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FBI Knew of Russian Bribery as Obama & Clinton Approved Uranium Deal

by Countable | 12.21.17

UPDATE – December 12, 2017: The Justice Department, acting under the orders of Attorney General Jeff Sessions, has reportedly begun questioning FBI agents about evidence they discovered during their Uranium One investigation.

The report comes from NBC News, which spoke with multiple law enforcement officials.

“The interviews with FBI agents are part of the Justice Department's effort to fulfill a promise an assistant attorney general made to Congress last month to examine whether a special counsel was warranted to look into what has become known as the Uranium One deal,” the outlet writes, citing a senior DOJ official.


UPDATED – October 30, 2017: Under the alleged urging of President Donald Trump, the Justice Department has given a former FBI informant the approval to testify before Congress on the Uranium One deal. The informant’s lawyer claimed his client would discuss his work “uncovering the Russian nuclear bribery case and the efforts he witnessed by Moscow to gain influence with [former president Bill Clinton and Secretary of State Hillary Clinton] in hopes of winning favorable uranium decisions from the Obama administration.”

Countable’s earlier story appears below.


What’s the story?

In 2010, the Obama administration approved a controversial deal to provide a Russian company with American uranium. Seven years later, the controversy continues to grow: The Hill has learned that prior to the deal, the FBI had "gathered substantial evidence that Russian nuclear industry officials were engaged in bribery, kickbacks, extortion and money laundering designed to grow Vladimir Putin’s atomic energy business inside the [U.S.]."

This includes routing millions of dollars to former President Bill Clinton’s The Clinton Foundation at a time when Hillary Clinton served as Secretary of State. The uranium deal was approved by the Committee on Foreign Investment in the United States (CFIUS), of which Secretary Clinton was a member.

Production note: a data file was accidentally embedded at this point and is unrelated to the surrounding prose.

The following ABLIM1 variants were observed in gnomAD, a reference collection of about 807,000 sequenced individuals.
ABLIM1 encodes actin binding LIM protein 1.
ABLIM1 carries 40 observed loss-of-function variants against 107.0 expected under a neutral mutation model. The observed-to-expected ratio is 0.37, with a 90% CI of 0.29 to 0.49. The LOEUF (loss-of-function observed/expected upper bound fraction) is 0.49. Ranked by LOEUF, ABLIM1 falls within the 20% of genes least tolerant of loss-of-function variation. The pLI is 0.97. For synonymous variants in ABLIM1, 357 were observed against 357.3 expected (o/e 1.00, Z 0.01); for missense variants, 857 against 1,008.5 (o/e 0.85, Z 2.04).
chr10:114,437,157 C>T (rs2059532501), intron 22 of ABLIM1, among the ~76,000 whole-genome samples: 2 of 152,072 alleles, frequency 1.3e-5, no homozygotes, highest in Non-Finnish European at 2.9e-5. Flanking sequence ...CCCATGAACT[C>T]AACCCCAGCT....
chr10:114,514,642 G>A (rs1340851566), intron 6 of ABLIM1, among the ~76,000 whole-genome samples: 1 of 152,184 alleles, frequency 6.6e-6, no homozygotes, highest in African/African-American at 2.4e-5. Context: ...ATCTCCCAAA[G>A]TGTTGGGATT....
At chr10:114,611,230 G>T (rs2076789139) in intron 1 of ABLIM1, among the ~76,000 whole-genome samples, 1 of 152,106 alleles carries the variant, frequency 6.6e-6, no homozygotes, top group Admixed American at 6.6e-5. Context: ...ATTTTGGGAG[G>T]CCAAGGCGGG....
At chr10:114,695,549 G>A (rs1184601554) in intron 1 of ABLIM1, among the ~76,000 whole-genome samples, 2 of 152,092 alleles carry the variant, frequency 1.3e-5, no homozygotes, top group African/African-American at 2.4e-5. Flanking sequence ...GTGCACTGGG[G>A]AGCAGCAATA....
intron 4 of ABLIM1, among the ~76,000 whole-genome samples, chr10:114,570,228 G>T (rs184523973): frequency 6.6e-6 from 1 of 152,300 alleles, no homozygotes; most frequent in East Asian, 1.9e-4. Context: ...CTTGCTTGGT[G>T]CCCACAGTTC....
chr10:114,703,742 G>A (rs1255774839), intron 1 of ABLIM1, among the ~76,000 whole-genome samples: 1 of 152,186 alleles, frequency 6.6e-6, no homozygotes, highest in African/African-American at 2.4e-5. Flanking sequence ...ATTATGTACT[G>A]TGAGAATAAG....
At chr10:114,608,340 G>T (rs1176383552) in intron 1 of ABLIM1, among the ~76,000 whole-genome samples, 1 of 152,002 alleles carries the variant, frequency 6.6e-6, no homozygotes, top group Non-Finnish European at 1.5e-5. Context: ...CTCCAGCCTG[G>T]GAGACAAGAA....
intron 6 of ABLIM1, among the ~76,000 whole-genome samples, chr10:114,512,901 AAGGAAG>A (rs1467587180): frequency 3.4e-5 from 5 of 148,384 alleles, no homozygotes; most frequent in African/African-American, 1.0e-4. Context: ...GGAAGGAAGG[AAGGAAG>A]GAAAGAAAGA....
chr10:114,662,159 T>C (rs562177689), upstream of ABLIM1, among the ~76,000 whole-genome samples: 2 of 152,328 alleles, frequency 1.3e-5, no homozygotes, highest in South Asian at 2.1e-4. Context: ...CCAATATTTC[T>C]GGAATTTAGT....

The Senate Judiciary Committee has launched a probe into the case.

Why does it matter?

According to The Hill’s report, the FBI had evidence "as early as 2009 that showed Moscow had compromised an American uranium trucking firm with bribes and kickbacks in violation of the Foreign Corrupt Practices Act." The Department of Justice, however, continued investigating the allegations for four more years, “essentially leaving the American public and Congress in the dark about Russian nuclear corruption on U.S. soil.”

During the intervening years, the CFIUS, as Newsweek explained, "unanimously agreed to a partial sale of the Canadian mining company Uranium One to Rosatom, a major Russian nuclear company, effectively handing Moscow control of 20 percent of the U.S.’s uranium supply."

Senate Judiciary Committee Chairman Chuck Grassley (R-IA) has vowed to "get to the bottom of this issue." The committee sent letters to 10 federal agencies, demanding they disclose whether – and when – they were aware that the FBI had information about the Uranium One deal.

In a letter to the Department of Homeland Security obtained by The Hill, Grassley wrote he was "not convinced by these assurances" the Obama administration gave in 2015 that they had no evidence suggesting they block the Rosatom deal.

"The sale of Uranium One resulted in a Russian government takeover of a significant portion of U.S. uranium mining capacity. In light of that fact, very serious questions remain about the basis for the finding that this transaction did not threaten to impair U.S. national security."

Grassley voiced some of these concerns during Attorney General Jeff Sessions’ hearing yesterday.

"Has the Justice Department fully investigated whether the Russians compromised the Obama administration’s decisions to smooth the way for transactions?" Grassley asked Sessions.

The AG responded, "It wouldn’t be appropriate for me to comment on any ongoing investigation."

The Obama administration and Hillary Clinton have denied having knowledge of any Russian bribery before they inked the deal.

The current administration, meanwhile, has accused the media of ignoring this story. President Trump tweeted early Thursday morning:

What do you think?

Like Grassley, are you "no longer convinced by these assurances" of the Obama administration? Or do you support the administration’s claims that there was no evidence of wrongdoing at the time they made the deal? Should the DOJ have come forward with the information earlier? Hit Take Action and tell your reps how this investigation should proceed, then tell us below.

—Josh Herman

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(Photo Credit: AndreyPopov / iStockphoto)

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